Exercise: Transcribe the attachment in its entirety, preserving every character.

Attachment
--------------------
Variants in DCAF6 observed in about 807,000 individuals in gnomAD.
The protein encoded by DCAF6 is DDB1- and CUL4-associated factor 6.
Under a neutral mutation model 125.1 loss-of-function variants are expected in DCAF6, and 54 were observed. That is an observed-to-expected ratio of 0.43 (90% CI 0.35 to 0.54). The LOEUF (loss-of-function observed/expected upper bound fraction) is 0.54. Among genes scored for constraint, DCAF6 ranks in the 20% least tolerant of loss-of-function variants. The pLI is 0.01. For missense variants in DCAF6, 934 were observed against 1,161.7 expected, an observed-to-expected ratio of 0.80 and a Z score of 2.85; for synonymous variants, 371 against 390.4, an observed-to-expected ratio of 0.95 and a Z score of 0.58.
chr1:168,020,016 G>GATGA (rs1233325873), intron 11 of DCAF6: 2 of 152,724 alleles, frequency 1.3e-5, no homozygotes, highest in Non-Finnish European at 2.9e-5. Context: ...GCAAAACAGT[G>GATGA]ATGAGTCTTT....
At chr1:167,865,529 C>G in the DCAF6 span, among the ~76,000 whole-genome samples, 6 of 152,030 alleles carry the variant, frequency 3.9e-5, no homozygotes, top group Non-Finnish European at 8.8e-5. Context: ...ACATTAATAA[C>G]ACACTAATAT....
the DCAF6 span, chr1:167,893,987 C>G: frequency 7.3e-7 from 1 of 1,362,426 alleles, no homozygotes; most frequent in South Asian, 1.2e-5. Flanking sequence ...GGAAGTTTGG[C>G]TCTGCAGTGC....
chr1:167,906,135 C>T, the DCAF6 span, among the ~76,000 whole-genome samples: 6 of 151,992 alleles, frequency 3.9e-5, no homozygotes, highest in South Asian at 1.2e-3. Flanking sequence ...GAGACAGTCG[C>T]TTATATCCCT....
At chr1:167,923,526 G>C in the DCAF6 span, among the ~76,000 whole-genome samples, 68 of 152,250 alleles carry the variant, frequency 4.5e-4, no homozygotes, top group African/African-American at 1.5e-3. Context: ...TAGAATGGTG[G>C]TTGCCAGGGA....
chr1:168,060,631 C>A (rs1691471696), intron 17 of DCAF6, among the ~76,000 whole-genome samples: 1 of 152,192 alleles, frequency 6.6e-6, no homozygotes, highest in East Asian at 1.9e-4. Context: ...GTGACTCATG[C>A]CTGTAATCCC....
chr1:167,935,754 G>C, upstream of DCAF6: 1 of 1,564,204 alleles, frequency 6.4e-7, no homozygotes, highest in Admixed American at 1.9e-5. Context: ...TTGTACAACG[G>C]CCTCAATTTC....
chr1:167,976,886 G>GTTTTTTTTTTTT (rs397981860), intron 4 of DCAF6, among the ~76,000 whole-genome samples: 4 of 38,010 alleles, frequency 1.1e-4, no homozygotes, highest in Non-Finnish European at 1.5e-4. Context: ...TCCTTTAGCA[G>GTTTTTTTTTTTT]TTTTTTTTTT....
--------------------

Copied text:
Variants in DCAF6 observed in about 807,000 individuals in gnomAD.
The protein encoded by DCAF6 is DDB1- and CUL4-associated factor 6.
Under a neutral mutation model 125.1 loss-of-function variants are expected in DCAF6, and 54 were observed. That is an observed-to-expected ratio of 0.43 (90% CI 0.35 to 0.54). The LOEUF (loss-of-function observed/expected upper bound fraction) is 0.54. Among genes scored for constraint, DCAF6 ranks in the 20% least tolerant of loss-of-function variants. The pLI is 0.01. For missense variants in DCAF6, 934 were observed against 1,161.7 expected, an observed-to-expected ratio of 0.80 and a Z score of 2.85; for synonymous variants, 371 against 390.4, an observed-to-expected ratio of 0.95 and a Z score of 0.58.
chr1:168,020,016 G>GATGA (rs1233325873), intron 11 of DCAF6: 2 of 152,724 alleles, frequency 1.3e-5, no homozygotes, highest in Non-Finnish European at 2.9e-5. Context: ...GCAAAACAGT[G>GATGA]ATGAGTCTTT....
At chr1:167,865,529 C>G in the DCAF6 span, among the ~76,000 whole-genome samples, 6 of 152,030 alleles carry the variant, frequency 3.9e-5, no homozygotes, top group Non-Finnish European at 8.8e-5. Context: ...ACATTAATAA[C>G]ACACTAATAT....
the DCAF6 span, chr1:167,893,987 C>G: frequency 7.3e-7 from 1 of 1,362,426 alleles, no homozygotes; most frequent in South Asian, 1.2e-5. Flanking sequence ...GGAAGTTTGG[C>G]TCTGCAGTGC....
chr1:167,906,135 C>T, the DCAF6 span, among the ~76,000 whole-genome samples: 6 of 151,992 alleles, frequency 3.9e-5, no homozygotes, highest in South Asian at 1.2e-3. Flanking sequence ...GAGACAGTCG[C>T]TTATATCCCT....
At chr1:167,923,526 G>C in the DCAF6 span, among the ~76,000 whole-genome samples, 68 of 152,250 alleles carry the variant, frequency 4.5e-4, no homozygotes, top group African/African-American at 1.5e-3. Context: ...TAGAATGGTG[G>C]TTGCCAGGGA....
chr1:168,060,631 C>A (rs1691471696), intron 17 of DCAF6, among the ~76,000 whole-genome samples: 1 of 152,192 alleles, frequency 6.6e-6, no homozygotes, highest in East Asian at 1.9e-4. Context: ...GTGACTCATG[C>A]CTGTAATCCC....
chr1:167,935,754 G>C, upstream of DCAF6: 1 of 1,564,204 alleles, frequency 6.4e-7, no homozygotes, highest in Admixed American at 1.9e-5. Context: ...TTGTACAACG[G>C]CCTCAATTTC....
chr1:167,976,886 G>GTTTTTTTTTTTT (rs397981860), intron 4 of DCAF6, among the ~76,000 whole-genome samples: 4 of 38,010 alleles, frequency 1.1e-4, no homozygotes, highest in Non-Finnish European at 1.5e-4. Context: ...TCCTTTAGCA[G>GTTTTTTTTTTTT]TTTTTTTTTT....